It is all too tempting when trying to describe the impact of universities to resort to monetary measures – and these can be very powerful. In the recent CSR, the Chancellor had clearly been impressed by the arguments made by the Arts sector when he decided to protect their budgets. He called the arts “one of the best investments we can make as a nation”, and took delight in explaining that £1bn a year in grants leads to “a quarter of a trillion pounds to the economy – not a bad return”.
We need to take the challenge of describing universities’ economic impact seriously – but in chasing economic return as the only credible measure of our value, we risk failing to acknowledge the many other ways in which universities contribute to society. The evidence is clear: economic return is only one part of the picture. The recent REF case studies were categorised by researchers at KCL and only 6% had economic impact as their main outcome.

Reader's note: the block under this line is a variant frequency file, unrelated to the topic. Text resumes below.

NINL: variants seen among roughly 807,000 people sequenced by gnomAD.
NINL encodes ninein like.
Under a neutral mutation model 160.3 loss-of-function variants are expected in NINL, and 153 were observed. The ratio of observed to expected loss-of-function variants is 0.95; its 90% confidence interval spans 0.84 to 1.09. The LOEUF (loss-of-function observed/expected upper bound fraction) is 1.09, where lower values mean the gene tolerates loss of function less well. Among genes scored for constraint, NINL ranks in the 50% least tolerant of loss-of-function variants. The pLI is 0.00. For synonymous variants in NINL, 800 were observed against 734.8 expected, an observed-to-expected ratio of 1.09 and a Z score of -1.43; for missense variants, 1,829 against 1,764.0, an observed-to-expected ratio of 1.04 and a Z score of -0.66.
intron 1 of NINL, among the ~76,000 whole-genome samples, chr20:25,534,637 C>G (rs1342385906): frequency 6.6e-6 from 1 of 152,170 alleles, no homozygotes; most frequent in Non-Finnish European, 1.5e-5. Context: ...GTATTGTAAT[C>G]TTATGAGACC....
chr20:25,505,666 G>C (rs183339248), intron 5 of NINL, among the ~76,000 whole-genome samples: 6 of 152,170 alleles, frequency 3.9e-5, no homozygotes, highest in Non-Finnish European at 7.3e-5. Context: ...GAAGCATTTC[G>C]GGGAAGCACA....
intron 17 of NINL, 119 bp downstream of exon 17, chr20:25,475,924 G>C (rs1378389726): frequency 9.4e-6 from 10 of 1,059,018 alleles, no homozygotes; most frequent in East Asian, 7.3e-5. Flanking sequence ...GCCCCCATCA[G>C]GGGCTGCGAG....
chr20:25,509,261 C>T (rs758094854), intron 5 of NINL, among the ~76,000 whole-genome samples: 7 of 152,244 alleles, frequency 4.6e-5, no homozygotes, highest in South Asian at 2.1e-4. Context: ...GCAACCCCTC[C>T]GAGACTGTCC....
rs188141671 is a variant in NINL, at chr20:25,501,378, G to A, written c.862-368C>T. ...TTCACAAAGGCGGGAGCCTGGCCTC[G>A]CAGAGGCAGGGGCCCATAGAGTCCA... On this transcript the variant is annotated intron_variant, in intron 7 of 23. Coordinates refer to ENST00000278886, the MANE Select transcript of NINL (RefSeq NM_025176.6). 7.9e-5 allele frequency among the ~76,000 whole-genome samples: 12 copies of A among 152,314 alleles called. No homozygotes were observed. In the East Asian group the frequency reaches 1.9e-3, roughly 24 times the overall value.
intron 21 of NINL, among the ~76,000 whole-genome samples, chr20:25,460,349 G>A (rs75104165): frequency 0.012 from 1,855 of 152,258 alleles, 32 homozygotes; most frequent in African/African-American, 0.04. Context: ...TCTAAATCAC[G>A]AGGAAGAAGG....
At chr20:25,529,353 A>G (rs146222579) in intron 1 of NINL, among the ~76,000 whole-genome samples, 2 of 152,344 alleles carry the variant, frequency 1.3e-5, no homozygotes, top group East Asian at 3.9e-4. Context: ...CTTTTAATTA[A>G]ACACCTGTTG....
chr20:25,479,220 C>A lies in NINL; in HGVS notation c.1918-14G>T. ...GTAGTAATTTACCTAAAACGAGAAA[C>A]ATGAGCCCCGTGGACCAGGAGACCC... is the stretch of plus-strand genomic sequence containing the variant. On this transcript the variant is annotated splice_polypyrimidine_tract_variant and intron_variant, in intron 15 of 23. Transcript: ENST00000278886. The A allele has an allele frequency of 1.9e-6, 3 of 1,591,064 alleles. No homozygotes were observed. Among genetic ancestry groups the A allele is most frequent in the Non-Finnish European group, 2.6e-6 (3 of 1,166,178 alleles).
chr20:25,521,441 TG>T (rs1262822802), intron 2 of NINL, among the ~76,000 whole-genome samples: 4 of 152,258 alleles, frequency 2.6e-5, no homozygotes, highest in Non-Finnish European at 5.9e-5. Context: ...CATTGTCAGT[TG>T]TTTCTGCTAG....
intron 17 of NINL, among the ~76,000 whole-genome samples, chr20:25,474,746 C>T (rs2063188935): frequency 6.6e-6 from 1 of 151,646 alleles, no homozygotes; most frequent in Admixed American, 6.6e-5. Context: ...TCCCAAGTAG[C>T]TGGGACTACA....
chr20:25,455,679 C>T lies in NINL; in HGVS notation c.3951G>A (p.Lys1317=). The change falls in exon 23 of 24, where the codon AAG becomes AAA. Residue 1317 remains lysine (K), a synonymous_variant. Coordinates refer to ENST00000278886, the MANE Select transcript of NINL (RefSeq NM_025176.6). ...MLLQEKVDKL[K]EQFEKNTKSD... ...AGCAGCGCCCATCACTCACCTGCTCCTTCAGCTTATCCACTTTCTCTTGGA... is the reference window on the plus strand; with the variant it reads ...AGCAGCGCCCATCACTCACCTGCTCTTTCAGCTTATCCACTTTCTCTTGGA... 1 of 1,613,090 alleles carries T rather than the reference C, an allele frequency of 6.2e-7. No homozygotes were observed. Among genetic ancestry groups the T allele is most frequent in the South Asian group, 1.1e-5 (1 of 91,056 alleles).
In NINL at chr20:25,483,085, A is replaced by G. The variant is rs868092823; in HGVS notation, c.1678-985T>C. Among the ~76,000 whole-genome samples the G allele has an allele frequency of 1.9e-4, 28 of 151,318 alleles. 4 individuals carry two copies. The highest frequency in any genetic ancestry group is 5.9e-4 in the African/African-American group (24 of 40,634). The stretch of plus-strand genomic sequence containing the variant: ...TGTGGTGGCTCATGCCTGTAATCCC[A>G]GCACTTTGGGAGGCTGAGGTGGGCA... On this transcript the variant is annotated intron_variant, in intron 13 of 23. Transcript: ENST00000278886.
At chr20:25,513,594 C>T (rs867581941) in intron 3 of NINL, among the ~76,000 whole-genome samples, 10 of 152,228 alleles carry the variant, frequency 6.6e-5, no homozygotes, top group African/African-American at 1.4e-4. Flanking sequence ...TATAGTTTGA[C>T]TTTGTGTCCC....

Members of AMOSSHE (the Student Services Organisation) welcome the specific focus that the UUK Harassment and Hate Crime Taskforce have placed on gender-based violence.
As managers of student services within universities, we have been working together over the last year to develop best practice in responding to and preventing sexual harassment and sexual assault among students. We’ve been sharing current work in progress, but also providing training for our members by utilising external expertise from sexual assault referral centres, independent sexual violence advisers, Eversheds law firm, and the Intervention Initiative (the only evidence-based approach to preventing gender-based violence in university settings).